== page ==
Silk Road Bitcoin Buyers Identities Exposed Thanks to U.S. Marshal Error
Chris Smith / 2 years ago
The U.S. Marshals handling the private bidding for the recently seized $18 million worth of Bitcoins have made an unfortunate showing in technological prowess, or lack thereof.
Mass emails are one of the easiest ways to contact multiple clients directly at once, thankfully for those who are handling sensitive and private information there is the ability to use the ‘BCC’ function to hide exactly whom you’re emailing to. That is unless you’re part of the U.S. Marshals office.
Today an email was sent out to all of their private bidders but with a twist – every bidder was included in a ‘CC’ list. For the technologically unaware, this means that every bidder is able to see to whom the email was sent to and therefore nulling the whole ‘anonymous bid’ type scenario, especially due to the fact that many of the users names are easily identifiable by their email address.
Now that the 40 bidders know each others identities, the email has been leaked onto the internet (with censored information).
Last fall the government seized and took ownership of 29,656.51306529 Bitcoins when it raided the well known black market website Silk Road (commonly used for illegal trade of firearms and drugs). Due to current market price, that means this stash is currently worth just over $18 million USD out of a $7.87 billion Market cap.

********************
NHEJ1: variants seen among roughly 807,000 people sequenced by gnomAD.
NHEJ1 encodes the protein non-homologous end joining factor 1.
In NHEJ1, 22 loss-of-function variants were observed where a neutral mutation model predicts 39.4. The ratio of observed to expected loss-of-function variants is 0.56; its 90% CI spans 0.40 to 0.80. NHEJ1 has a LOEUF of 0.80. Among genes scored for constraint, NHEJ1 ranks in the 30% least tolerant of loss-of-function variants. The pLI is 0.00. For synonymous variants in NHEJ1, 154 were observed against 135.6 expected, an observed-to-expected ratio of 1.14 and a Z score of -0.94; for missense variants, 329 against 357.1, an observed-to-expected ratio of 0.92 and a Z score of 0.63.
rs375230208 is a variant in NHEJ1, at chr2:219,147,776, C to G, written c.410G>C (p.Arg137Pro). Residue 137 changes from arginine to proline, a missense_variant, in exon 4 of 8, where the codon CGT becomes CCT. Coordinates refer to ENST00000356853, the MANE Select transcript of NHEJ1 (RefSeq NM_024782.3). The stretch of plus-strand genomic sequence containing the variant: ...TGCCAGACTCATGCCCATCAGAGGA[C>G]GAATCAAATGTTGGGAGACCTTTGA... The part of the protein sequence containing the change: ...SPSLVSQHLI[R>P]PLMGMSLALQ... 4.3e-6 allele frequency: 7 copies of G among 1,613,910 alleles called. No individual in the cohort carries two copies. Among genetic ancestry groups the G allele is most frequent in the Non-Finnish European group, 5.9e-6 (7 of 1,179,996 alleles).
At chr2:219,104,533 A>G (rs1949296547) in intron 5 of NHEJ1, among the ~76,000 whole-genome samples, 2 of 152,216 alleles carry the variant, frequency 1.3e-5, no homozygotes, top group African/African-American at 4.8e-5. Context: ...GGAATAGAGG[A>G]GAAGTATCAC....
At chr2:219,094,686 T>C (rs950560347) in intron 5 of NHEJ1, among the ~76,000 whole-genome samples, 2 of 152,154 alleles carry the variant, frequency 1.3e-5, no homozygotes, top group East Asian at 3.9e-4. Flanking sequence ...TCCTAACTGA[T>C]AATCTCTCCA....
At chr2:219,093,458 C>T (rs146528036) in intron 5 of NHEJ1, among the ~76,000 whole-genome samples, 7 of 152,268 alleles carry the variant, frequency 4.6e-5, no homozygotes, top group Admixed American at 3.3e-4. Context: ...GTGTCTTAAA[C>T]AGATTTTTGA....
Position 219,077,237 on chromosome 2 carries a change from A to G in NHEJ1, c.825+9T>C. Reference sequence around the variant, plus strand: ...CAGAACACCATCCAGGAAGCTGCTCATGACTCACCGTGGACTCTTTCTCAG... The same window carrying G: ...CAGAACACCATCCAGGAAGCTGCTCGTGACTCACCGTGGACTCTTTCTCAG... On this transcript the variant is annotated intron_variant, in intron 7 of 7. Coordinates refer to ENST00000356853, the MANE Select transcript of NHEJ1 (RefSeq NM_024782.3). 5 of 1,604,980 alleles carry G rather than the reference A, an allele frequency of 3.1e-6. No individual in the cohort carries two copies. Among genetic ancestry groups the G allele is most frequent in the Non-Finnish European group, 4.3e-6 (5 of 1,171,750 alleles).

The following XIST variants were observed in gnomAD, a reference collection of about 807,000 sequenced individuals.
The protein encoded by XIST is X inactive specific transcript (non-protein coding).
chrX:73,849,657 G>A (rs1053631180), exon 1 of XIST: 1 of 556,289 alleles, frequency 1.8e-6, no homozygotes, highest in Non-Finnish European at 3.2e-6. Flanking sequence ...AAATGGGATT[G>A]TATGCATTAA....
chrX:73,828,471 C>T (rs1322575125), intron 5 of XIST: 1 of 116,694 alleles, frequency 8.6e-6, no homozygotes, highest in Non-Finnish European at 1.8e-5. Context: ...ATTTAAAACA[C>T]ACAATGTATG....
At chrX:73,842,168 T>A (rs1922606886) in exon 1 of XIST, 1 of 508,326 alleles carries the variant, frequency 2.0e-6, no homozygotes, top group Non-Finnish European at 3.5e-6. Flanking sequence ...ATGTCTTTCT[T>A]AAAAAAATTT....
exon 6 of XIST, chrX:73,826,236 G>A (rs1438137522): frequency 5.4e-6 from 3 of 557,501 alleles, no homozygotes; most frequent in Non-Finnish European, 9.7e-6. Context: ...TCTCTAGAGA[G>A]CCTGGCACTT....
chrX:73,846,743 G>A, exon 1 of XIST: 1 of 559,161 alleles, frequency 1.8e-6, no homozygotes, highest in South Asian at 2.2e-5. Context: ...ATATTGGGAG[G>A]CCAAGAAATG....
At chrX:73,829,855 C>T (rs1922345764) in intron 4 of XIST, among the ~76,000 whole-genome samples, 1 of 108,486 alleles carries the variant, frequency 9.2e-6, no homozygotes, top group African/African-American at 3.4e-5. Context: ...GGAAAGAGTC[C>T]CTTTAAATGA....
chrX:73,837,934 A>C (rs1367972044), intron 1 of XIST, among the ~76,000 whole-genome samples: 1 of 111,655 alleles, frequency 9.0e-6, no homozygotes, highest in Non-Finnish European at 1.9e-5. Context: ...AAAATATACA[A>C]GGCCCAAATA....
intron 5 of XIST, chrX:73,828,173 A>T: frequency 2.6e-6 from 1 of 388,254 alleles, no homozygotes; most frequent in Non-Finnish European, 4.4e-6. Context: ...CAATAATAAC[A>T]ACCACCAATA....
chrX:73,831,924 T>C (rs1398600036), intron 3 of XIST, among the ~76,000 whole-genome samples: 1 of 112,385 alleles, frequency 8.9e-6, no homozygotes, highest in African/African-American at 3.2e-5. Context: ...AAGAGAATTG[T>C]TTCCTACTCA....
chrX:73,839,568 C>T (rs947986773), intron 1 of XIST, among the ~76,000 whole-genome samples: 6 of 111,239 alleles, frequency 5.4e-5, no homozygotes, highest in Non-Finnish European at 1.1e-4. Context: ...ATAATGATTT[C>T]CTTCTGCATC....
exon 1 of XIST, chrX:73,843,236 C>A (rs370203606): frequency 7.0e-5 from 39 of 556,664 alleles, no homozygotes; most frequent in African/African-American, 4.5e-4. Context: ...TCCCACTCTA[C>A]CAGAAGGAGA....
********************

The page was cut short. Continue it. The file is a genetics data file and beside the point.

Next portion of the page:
The reasoning behind these investors purchasing these coins as an all-in-one package comes down to changes in Bitcoin pricing and current market status. $18 million worth of Bitcoins accounts for approximately 85% of daily trading and if purchased in one solid block, all these coins can be bought at for one price rather than relying on numerous smaller transactions whereas the price is likely to fluctuate.
There hasn’t been any reported repercussions as of yet, but we’re waiting for reports on how many shady website signups come through practical jokes because of this. Did someone say Adult Match Maker?
First photo courtesy of etoro.com
Email photo courtesy of TechCrunch